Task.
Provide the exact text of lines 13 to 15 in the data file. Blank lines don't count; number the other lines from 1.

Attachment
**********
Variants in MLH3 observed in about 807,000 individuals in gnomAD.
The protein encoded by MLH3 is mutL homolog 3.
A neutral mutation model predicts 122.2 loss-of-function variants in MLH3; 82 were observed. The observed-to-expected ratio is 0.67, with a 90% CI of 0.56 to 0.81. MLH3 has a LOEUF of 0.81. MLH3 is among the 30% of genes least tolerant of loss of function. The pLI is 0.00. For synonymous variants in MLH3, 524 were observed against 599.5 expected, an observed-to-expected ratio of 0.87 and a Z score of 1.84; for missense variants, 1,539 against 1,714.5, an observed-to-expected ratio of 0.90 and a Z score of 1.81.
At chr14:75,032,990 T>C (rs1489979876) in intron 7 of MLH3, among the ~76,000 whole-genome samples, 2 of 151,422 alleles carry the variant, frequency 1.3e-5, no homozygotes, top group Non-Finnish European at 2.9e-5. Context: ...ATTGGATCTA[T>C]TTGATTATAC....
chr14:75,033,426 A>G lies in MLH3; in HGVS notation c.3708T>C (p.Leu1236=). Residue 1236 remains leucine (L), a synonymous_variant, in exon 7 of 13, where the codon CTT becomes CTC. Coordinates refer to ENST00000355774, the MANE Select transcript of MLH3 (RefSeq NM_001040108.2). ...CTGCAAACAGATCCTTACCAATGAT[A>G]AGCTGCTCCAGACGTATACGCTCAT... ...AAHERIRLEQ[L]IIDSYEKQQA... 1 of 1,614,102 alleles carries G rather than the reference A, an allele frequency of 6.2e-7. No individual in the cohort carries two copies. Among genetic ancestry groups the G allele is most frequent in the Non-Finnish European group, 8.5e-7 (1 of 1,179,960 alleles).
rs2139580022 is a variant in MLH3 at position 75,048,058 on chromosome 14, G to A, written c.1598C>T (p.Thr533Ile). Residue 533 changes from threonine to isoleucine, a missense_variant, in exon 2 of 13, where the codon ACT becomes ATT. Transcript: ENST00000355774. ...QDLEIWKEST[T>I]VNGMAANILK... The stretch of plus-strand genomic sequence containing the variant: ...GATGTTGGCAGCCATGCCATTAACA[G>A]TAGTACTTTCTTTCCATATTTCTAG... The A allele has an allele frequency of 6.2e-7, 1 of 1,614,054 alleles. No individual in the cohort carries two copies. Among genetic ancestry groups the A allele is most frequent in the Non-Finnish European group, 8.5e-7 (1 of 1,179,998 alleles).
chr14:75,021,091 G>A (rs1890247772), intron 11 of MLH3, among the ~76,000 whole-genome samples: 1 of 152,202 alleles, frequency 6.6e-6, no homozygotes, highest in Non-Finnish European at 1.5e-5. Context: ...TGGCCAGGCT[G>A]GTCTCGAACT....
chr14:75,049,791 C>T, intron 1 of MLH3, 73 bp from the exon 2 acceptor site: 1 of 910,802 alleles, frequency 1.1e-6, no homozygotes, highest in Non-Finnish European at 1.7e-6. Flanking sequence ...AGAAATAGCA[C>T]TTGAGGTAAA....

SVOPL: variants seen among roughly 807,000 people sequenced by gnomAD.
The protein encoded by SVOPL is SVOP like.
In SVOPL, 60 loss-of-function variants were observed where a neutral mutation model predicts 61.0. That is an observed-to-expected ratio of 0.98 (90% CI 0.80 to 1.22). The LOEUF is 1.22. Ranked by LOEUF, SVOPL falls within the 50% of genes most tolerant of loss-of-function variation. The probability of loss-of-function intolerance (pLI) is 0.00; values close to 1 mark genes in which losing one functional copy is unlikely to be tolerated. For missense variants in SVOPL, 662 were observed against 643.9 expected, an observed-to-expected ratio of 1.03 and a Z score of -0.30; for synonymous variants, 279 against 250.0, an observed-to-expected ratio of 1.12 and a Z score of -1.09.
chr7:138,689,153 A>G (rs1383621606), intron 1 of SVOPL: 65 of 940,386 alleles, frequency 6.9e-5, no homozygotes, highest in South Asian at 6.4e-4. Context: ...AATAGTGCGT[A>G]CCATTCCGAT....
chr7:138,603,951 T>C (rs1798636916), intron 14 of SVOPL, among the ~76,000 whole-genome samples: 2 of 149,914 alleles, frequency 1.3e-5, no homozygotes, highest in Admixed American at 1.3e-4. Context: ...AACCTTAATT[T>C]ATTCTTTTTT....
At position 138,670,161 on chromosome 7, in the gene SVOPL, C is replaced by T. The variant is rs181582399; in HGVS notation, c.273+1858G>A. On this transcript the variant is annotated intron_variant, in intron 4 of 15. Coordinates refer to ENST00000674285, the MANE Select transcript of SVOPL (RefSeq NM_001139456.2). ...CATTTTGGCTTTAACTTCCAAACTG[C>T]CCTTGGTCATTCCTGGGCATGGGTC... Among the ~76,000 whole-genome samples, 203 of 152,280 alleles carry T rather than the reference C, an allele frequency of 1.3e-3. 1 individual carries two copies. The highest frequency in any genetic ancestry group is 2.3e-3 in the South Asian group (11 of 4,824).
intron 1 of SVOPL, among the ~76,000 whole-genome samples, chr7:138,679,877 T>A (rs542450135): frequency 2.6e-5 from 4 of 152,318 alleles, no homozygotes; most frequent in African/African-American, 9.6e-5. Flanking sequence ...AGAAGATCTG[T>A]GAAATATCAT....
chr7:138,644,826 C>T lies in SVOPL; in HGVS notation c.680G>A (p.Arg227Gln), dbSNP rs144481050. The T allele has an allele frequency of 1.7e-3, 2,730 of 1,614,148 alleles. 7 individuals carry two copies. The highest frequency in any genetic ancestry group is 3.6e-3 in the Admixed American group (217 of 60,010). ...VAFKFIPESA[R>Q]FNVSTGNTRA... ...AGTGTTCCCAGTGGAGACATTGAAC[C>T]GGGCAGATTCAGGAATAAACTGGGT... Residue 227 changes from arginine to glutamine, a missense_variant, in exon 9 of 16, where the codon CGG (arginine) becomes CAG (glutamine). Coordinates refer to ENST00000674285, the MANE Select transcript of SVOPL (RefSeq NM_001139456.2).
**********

chr7:138,603,951 T>C (rs1798636916), intron 14 of SVOPL, among the ~76,000 whole-genome samples: 2 of 149,914 alleles, frequency 1.3e-5, no homozygotes, highest in Admixed American at 1.3e-4. Context: ...AACCTTAATT[T>C]ATTCTTTTTT....
At position 138,670,161 on chromosome 7, in the gene SVOPL, C is replaced by T. The variant is rs181582399; in HGVS notation, c.273+1858G>A. On this transcript the variant is annotated intron_variant, in intron 4 of 15. Coordinates refer to ENST00000674285, the MANE Select transcript of SVOPL (RefSeq NM_001139456.2). ...CATTTTGGCTTTAACTTCCAAACTG[C>T]CCTTGGTCATTCCTGGGCATGGGTC... Among the ~76,000 whole-genome samples, 203 of 152,280 alleles carry T rather than the reference C, an allele frequency of 1.3e-3. 1 individual carries two copies. The highest frequency in any genetic ancestry group is 2.3e-3 in the South Asian group (11 of 4,824).
intron 1 of SVOPL, among the ~76,000 whole-genome samples, chr7:138,679,877 T>A (rs542450135): frequency 2.6e-5 from 4 of 152,318 alleles, no homozygotes; most frequent in African/African-American, 9.6e-5. Flanking sequence ...AGAAGATCTG[T>A]GAAATATCAT....